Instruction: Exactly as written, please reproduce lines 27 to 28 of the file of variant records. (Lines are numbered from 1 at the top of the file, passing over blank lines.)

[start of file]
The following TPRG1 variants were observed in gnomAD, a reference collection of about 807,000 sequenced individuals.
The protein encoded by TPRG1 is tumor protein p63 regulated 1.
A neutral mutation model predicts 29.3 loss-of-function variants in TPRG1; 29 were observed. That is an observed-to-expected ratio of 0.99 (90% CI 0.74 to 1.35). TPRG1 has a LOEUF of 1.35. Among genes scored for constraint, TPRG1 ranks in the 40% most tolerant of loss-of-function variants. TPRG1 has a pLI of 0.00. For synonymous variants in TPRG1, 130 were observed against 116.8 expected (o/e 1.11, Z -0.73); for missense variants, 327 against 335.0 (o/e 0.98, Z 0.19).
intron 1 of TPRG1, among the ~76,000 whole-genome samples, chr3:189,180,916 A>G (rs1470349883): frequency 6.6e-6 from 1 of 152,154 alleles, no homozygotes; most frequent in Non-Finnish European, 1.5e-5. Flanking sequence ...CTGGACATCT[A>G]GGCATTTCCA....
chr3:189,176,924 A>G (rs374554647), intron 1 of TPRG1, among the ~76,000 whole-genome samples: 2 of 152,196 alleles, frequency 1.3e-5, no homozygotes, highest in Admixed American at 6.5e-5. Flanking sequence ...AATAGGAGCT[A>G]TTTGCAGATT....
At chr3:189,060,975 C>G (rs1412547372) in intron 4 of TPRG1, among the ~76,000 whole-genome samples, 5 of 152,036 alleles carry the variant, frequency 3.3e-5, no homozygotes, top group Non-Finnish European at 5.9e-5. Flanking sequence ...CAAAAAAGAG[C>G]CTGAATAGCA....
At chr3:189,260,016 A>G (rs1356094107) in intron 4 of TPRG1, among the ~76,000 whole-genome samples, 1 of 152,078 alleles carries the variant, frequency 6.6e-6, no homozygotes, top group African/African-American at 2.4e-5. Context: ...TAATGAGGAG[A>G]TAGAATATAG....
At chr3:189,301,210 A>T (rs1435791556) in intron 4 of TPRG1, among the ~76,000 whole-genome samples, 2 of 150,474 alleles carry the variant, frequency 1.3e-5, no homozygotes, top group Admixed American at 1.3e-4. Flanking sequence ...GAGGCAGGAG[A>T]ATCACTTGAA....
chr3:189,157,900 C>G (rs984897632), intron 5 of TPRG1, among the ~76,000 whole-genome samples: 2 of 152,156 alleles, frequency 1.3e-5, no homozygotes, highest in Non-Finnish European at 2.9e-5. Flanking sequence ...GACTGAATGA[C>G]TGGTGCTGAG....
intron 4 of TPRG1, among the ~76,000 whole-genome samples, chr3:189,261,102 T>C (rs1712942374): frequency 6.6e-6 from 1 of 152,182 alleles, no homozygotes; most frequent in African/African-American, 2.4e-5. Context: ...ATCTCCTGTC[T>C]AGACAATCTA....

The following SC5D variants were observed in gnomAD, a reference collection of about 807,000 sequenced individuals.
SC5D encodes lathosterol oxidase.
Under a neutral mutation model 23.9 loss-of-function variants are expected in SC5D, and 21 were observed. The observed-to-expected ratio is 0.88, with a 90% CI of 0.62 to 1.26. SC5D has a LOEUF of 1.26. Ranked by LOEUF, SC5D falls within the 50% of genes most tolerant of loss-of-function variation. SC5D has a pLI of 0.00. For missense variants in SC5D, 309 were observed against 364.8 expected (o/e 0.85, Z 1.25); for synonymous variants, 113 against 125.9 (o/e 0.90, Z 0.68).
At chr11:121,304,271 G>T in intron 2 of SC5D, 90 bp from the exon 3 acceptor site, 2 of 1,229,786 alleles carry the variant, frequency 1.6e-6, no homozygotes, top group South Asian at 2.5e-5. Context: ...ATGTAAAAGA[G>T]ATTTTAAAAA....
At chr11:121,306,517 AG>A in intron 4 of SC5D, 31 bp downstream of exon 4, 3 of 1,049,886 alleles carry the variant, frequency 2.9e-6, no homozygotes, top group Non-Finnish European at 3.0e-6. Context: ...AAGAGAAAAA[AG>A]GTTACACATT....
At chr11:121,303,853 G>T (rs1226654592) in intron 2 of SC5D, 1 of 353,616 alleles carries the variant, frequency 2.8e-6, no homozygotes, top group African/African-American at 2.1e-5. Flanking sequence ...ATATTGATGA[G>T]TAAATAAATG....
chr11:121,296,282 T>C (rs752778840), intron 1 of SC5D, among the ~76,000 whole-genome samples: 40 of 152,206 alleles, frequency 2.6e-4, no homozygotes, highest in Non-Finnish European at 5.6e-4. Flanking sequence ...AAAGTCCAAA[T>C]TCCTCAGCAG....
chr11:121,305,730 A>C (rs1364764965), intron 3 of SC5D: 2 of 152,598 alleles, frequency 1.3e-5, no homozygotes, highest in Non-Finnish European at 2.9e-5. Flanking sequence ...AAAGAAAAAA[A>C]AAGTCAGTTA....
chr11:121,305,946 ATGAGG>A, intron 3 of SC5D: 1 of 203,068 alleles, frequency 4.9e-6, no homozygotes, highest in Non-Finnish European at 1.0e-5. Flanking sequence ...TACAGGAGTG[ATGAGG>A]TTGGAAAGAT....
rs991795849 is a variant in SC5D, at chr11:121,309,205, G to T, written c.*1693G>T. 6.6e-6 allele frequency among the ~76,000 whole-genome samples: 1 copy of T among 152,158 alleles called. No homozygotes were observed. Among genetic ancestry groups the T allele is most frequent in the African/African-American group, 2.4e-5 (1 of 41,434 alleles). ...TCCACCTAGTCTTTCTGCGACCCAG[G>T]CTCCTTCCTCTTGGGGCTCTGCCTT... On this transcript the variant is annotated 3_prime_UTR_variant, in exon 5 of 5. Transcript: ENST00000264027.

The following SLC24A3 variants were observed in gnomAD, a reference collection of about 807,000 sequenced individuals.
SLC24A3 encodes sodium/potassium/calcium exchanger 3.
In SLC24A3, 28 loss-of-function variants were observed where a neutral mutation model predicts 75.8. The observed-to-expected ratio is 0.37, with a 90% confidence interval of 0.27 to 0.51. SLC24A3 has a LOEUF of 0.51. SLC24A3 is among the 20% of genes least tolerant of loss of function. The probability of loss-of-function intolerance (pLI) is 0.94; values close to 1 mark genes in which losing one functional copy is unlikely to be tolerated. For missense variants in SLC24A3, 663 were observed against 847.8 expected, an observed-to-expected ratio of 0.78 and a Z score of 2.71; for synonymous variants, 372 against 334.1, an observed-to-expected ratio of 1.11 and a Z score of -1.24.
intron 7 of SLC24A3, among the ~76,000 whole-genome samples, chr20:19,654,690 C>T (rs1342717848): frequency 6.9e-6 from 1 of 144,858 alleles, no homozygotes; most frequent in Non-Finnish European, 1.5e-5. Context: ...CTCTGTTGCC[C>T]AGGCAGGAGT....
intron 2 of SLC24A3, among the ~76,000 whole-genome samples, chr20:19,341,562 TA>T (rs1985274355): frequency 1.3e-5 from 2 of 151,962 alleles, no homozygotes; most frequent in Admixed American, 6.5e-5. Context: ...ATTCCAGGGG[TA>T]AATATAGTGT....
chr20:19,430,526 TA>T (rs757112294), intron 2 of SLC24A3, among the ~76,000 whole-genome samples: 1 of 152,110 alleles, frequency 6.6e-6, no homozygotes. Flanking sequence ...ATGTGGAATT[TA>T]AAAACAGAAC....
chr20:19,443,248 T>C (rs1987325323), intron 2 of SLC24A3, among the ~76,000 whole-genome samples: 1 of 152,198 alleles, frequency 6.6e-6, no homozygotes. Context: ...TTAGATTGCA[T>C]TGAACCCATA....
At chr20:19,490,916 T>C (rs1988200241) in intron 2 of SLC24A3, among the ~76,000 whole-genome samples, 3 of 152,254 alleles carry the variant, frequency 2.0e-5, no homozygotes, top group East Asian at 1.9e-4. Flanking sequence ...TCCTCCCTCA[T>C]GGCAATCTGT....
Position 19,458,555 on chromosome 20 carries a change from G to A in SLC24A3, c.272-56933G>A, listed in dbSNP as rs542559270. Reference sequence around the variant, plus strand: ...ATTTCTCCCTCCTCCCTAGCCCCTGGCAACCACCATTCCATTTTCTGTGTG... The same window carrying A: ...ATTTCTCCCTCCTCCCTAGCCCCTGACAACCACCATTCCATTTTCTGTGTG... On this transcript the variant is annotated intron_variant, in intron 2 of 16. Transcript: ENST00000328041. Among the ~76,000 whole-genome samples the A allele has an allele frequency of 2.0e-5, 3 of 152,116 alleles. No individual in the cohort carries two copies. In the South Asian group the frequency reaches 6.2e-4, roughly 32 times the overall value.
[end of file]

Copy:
chr20:19,443,248 T>C (rs1987325323), intron 2 of SLC24A3, among the ~76,000 whole-genome samples: 1 of 152,198 alleles, frequency 6.6e-6, no homozygotes. Context: ...TTAGATTGCA[T>C]TGAACCCATA....
At chr20:19,490,916 T>C (rs1988200241) in intron 2 of SLC24A3, among the ~76,000 whole-genome samples, 3 of 152,254 alleles carry the variant, frequency 2.0e-5, no homozygotes, top group East Asian at 1.9e-4. Flanking sequence ...TCCTCCCTCA[T>C]GGCAATCTGT....